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Tuesday, July 23, 2024 | Back issues
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Citizenship-Proof Rules in Kansas and|Arizona for Registered Voters Struck Down

PHOENIX (CN) - An attempt by Kansas and Arizona to require proof of citizenship for voters who register with a federal form failed before the 10th Circuit.

The states sued in Kansas last year after the U.S. Election Assistance Commission blocked them from requiring citizenship documents with federal voter-registration forms, which only requires a sworn statement.

Though a Wichita federal judge found in March that the agency overstepped its bounds, a three-member panel with the 10th Circuit sided against the two Republican-led states on Friday.

Important to the Denver-based federal appeals court's holding was the the U.S. Supreme Court's decision last year in Arizona v. Inter Tribal Council of Arizona, which struck down a citizenship-proof requirement in Arizona to register as voters.

Ultimately states lacked authority to demand the federal government to add language to the federal form that requires citizenship proof, and failed to show the proof was necessary to stop voting by noncitizens, according to Friday's ruling

"The states have failed to meet their evidentiary burden of proving that they cannot enforce their voter qualifications because a substantial number of noncitizens have successfully registered using the federal form," Judge Carlos Lucero wrote for a three-judge panel.

The states claimed in their lawsuit that the Election Assistance Commission and its acting director, Alice Miller, were required under the National Voter Registration Act (NVRA) to make the modifications to the federal form "because the proposed modifications reflect the respective voter qualification and registration laws of plaintiffs, and include state-specific instructions that enable plaintiffs to obtain information plaintiffs deem necessary to assess the eligibility of voter registration applicants and to enforce plaintiffs' voter qualifications."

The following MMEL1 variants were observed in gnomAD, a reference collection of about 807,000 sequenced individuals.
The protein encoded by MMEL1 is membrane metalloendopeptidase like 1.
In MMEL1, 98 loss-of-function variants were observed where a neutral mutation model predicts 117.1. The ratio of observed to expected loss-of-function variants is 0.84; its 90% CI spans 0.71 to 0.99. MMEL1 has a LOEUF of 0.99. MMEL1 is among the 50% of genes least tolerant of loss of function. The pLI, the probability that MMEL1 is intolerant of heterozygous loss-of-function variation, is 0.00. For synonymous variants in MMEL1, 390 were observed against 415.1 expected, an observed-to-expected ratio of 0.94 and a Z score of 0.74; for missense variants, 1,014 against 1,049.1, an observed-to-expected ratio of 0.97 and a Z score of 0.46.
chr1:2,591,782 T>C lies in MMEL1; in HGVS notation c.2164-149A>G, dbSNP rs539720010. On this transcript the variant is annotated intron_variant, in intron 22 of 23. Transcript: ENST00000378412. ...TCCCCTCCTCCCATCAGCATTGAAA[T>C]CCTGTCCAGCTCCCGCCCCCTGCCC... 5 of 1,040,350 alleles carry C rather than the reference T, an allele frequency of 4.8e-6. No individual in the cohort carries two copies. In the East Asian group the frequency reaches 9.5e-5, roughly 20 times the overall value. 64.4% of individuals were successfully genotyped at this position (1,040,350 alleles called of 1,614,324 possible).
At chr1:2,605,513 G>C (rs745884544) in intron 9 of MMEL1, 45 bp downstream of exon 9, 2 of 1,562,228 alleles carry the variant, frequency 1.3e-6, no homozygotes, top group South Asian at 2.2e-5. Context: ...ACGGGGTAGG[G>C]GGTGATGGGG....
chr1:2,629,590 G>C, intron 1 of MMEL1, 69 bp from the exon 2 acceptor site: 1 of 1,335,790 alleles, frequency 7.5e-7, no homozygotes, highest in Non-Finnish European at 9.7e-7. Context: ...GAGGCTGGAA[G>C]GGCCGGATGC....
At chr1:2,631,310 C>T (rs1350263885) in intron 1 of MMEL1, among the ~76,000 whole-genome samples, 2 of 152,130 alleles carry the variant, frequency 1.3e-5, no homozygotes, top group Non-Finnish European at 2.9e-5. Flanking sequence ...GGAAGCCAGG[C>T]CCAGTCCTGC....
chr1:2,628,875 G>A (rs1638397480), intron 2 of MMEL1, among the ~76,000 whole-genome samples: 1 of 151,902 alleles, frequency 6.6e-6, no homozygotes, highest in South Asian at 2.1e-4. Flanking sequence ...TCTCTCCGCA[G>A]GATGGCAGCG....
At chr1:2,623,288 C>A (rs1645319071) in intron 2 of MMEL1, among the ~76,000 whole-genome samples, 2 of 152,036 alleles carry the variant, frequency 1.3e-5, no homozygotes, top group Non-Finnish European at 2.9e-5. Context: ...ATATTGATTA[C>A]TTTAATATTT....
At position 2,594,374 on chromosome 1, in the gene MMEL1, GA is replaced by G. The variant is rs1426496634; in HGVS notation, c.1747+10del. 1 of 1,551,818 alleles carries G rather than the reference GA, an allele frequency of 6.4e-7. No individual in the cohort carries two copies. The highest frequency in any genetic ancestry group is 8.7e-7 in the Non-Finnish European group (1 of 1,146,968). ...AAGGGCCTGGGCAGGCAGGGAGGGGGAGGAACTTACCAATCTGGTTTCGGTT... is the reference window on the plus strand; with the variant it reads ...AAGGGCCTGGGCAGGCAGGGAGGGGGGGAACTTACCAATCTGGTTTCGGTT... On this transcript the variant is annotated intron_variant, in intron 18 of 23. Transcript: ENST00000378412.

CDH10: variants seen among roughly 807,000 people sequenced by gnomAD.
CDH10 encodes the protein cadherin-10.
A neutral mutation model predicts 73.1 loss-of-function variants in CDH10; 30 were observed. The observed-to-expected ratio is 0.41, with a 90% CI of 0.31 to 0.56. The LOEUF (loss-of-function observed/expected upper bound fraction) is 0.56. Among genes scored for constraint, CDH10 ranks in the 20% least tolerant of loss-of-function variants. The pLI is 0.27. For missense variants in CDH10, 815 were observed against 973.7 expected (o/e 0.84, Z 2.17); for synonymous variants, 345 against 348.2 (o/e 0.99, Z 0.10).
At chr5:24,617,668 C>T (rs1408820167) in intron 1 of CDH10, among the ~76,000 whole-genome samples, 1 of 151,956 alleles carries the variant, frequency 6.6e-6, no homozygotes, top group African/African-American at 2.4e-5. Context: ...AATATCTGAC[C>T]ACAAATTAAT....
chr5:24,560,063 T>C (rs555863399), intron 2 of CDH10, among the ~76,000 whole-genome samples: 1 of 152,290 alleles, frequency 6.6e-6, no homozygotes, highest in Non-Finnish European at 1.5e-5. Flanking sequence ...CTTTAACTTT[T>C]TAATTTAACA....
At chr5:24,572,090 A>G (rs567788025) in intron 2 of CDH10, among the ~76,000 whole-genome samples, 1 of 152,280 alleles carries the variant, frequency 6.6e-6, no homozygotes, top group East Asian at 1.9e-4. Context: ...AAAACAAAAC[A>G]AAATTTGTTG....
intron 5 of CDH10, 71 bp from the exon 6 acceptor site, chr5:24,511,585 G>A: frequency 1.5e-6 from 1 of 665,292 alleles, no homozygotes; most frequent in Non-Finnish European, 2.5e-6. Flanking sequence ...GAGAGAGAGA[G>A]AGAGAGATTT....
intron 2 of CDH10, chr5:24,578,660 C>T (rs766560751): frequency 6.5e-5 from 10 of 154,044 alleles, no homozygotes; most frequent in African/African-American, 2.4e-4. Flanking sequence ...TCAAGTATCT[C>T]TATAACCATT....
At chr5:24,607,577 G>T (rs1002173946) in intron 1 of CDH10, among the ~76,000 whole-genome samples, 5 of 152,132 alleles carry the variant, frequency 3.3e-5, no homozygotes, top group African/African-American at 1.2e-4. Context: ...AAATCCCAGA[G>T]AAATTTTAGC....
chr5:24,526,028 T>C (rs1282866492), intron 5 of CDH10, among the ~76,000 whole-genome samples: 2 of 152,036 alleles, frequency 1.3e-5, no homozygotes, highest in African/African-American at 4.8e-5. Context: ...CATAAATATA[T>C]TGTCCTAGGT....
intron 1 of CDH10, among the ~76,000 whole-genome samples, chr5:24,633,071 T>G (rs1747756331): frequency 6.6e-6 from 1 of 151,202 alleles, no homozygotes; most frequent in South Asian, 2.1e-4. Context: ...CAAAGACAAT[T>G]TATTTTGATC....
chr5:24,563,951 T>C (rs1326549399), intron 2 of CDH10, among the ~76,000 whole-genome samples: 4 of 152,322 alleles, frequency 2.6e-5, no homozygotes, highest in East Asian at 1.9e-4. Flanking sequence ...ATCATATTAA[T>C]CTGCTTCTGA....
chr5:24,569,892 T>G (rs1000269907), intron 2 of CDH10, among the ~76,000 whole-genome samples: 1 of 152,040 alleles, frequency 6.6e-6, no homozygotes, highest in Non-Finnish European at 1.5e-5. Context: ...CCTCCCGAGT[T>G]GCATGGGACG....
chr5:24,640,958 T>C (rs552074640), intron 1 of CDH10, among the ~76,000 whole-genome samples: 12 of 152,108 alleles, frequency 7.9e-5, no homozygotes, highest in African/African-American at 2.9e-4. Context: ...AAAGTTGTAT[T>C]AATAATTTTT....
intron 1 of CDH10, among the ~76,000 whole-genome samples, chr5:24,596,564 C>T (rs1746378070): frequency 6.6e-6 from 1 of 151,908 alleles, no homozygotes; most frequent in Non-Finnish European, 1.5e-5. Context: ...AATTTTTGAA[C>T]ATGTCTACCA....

Lucero disagreed, finding that the agency was required to make the changes only if it found the states were unable to enforce voter qualifications without the text.

"The executive director supported her conclusion in detail with evidence in the record, rationally connected that evidence to the conclusions that she drew, and was fully consistent with the EAC's own regulations and prior reasonable interpretation of the NVRA in its 2006 response to Arizona," Lucero wrote. "Specifically, the executive director's decision discussed in significant detail no fewer than five alternatives to requiring documentary evidence of citizenship that states can use to ensure that noncitizens do not register using the federal form."

A number of nonprofits advocating for minority and women voters in the states contested the lawsuit.

"Voters should not have to face an obstacle course in order to participate in our democracy," Elisabeth MacNamara, president of the League of Women Voters of the U.S., said in a statement. "This is a good, strong ruling for voters and for Americans' essential right to vote."

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